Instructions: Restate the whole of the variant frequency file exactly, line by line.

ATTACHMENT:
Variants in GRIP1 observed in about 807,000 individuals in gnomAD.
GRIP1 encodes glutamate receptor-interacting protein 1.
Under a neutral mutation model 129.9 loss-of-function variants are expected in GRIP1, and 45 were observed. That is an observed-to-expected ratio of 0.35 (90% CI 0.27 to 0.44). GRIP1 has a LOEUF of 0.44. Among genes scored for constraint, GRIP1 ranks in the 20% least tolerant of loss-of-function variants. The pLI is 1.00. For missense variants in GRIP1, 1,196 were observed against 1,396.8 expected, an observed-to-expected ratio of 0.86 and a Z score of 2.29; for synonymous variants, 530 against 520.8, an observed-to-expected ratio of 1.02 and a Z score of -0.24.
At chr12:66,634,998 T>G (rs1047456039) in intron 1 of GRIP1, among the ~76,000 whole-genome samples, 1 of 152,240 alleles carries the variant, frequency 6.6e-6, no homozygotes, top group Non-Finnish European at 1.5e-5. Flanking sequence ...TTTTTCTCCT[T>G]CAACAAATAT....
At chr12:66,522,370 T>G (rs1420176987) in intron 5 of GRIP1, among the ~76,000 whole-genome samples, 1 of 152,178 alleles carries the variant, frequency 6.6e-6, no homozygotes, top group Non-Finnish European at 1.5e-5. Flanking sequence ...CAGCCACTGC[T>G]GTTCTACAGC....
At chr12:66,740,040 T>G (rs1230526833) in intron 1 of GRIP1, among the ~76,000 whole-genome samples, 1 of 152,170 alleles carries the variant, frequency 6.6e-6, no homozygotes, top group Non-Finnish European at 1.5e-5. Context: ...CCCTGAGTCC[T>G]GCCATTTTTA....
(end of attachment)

Variants in GRIP1 observed in about 807,000 individuals in gnomAD.
GRIP1 encodes glutamate receptor-interacting protein 1.
Under a neutral mutation model 129.9 loss-of-function variants are expected in GRIP1, and 45 were observed. That is an observed-to-expected ratio of 0.35 (90% CI 0.27 to 0.44). GRIP1 has a LOEUF of 0.44. Among genes scored for constraint, GRIP1 ranks in the 20% least tolerant of loss-of-function variants. The pLI is 1.00. For missense variants in GRIP1, 1,196 were observed against 1,396.8 expected, an observed-to-expected ratio of 0.86 and a Z score of 2.29; for synonymous variants, 530 against 520.8, an observed-to-expected ratio of 1.02 and a Z score of -0.24.
At chr12:66,634,998 T>G (rs1047456039) in intron 1 of GRIP1, among the ~76,000 whole-genome samples, 1 of 152,240 alleles carries the variant, frequency 6.6e-6, no homozygotes, top group Non-Finnish European at 1.5e-5. Flanking sequence ...TTTTTCTCCT[T>G]CAACAAATAT....
At chr12:66,522,370 T>G (rs1420176987) in intron 5 of GRIP1, among the ~76,000 whole-genome samples, 1 of 152,178 alleles carries the variant, frequency 6.6e-6, no homozygotes, top group Non-Finnish European at 1.5e-5. Flanking sequence ...CAGCCACTGC[T>G]GTTCTACAGC....
At chr12:66,740,040 T>G (rs1230526833) in intron 1 of GRIP1, among the ~76,000 whole-genome samples, 1 of 152,170 alleles carries the variant, frequency 6.6e-6, no homozygotes, top group Non-Finnish European at 1.5e-5. Context: ...CCCTGAGTCC[T>G]GCCATTTTTA....